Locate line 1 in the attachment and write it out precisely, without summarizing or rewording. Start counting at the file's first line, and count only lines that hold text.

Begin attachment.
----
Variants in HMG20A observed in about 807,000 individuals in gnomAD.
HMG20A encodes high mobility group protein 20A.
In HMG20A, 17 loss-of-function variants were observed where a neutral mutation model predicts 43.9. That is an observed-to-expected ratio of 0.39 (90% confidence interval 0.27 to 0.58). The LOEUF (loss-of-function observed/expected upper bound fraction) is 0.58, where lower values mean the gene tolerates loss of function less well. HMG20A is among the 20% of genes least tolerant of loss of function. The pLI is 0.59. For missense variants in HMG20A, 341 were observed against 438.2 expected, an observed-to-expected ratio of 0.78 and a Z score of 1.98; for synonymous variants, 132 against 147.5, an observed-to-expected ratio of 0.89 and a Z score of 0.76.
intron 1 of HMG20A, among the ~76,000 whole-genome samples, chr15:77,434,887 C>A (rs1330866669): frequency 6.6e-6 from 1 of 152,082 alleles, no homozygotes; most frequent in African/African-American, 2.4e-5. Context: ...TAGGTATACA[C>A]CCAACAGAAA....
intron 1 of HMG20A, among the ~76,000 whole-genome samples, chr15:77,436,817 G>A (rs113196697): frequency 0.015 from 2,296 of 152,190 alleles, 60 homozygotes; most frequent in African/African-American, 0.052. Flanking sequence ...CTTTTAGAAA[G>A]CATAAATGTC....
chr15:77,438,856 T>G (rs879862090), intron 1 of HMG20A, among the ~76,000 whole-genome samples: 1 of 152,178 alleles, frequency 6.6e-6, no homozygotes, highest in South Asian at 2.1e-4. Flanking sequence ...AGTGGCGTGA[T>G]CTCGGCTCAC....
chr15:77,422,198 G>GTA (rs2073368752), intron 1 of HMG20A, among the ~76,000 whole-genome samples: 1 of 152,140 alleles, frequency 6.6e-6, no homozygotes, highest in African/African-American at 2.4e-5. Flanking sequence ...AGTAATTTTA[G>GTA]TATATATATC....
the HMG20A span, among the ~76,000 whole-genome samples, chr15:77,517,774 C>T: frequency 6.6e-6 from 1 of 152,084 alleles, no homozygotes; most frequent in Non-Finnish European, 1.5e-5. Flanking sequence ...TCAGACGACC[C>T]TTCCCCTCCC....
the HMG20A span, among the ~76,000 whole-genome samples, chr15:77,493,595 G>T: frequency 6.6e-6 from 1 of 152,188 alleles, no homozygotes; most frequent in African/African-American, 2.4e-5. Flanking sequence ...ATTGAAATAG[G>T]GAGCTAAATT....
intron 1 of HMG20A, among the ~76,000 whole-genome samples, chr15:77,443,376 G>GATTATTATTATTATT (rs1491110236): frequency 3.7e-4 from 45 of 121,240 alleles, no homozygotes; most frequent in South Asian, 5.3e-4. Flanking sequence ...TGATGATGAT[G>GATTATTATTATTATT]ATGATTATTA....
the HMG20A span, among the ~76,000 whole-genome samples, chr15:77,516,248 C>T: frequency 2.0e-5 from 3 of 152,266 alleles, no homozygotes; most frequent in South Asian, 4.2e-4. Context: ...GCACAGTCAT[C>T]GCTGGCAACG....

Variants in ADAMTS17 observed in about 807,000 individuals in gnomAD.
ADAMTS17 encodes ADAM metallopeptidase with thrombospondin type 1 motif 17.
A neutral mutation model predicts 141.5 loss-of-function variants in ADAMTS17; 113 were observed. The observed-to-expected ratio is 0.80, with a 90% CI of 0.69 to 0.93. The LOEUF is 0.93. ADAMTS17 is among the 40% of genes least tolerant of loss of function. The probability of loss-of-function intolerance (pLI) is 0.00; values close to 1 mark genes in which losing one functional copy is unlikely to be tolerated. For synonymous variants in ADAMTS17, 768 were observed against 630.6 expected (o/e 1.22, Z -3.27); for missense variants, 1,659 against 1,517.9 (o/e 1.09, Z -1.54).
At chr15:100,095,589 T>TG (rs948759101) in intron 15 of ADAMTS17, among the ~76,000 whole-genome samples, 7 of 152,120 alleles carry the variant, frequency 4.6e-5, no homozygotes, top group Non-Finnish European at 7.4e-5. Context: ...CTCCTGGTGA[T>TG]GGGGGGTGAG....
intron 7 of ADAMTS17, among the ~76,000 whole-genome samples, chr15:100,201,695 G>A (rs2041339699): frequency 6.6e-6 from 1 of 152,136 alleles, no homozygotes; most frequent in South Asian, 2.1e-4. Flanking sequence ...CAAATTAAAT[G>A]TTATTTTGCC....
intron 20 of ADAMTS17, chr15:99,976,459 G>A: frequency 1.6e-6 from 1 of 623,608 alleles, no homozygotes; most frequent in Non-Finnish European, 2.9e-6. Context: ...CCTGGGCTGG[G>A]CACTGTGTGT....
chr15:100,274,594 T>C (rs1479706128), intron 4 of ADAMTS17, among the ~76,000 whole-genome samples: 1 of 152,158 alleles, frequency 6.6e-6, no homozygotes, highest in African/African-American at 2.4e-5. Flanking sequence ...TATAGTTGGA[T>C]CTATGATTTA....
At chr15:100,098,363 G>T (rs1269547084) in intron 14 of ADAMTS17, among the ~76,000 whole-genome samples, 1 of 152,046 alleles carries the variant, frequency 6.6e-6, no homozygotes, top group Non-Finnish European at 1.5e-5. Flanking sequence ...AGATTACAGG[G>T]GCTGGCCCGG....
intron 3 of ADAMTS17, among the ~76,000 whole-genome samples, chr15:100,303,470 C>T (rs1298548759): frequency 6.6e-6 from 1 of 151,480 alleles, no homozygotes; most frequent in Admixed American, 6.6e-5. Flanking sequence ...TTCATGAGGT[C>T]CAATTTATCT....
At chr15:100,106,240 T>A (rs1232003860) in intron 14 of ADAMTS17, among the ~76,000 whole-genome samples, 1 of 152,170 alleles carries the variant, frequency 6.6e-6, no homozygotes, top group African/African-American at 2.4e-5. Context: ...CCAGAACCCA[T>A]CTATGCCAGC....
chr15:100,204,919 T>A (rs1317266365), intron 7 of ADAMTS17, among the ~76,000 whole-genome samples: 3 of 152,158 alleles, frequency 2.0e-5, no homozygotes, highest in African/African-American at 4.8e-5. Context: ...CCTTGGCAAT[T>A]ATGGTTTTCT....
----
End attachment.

Variants in HMG20A observed in about 807,000 individuals in gnomAD.